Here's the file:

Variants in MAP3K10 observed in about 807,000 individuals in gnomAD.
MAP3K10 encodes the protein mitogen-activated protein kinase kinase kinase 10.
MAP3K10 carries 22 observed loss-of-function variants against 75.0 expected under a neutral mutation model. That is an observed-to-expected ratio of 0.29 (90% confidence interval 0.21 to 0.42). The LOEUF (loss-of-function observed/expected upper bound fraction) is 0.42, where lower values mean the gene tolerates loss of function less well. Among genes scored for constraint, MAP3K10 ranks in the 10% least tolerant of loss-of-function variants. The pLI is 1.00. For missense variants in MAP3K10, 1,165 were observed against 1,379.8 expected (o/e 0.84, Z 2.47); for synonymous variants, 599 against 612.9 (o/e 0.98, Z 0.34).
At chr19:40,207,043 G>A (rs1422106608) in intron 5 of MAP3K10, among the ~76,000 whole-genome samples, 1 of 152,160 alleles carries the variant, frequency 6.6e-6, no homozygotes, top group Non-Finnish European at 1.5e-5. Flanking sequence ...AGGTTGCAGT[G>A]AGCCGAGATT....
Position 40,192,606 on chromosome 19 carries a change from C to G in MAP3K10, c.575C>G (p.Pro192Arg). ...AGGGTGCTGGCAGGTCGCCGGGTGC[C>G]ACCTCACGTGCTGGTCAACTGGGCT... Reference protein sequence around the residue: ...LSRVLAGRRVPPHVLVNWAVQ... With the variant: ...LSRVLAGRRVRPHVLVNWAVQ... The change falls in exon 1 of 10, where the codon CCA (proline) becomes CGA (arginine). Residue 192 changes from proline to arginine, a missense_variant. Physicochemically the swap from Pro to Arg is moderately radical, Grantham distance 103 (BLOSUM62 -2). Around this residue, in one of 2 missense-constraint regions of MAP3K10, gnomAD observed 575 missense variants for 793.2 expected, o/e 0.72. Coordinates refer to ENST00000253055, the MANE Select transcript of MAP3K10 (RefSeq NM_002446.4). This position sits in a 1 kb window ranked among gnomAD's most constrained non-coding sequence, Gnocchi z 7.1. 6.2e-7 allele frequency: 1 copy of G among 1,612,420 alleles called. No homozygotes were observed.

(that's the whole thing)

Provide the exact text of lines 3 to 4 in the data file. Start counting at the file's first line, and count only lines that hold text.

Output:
MAP3K10 carries 22 observed loss-of-function variants against 75.0 expected under a neutral mutation model. That is an observed-to-expected ratio of 0.29 (90% confidence interval 0.21 to 0.42). The LOEUF (loss-of-function observed/expected upper bound fraction) is 0.42, where lower values mean the gene tolerates loss of function less well. Among genes scored for constraint, MAP3K10 ranks in the 10% least tolerant of loss-of-function variants. The pLI is 1.00. For missense variants in MAP3K10, 1,165 were observed against 1,379.8 expected (o/e 0.84, Z 2.47); for synonymous variants, 599 against 612.9 (o/e 0.98, Z 0.34).
At chr19:40,207,043 G>A (rs1422106608) in intron 5 of MAP3K10, among the ~76,000 whole-genome samples, 1 of 152,160 alleles carries the variant, frequency 6.6e-6, no homozygotes, top group Non-Finnish European at 1.5e-5. Flanking sequence ...AGGTTGCAGT[G>A]AGCCGAGATT....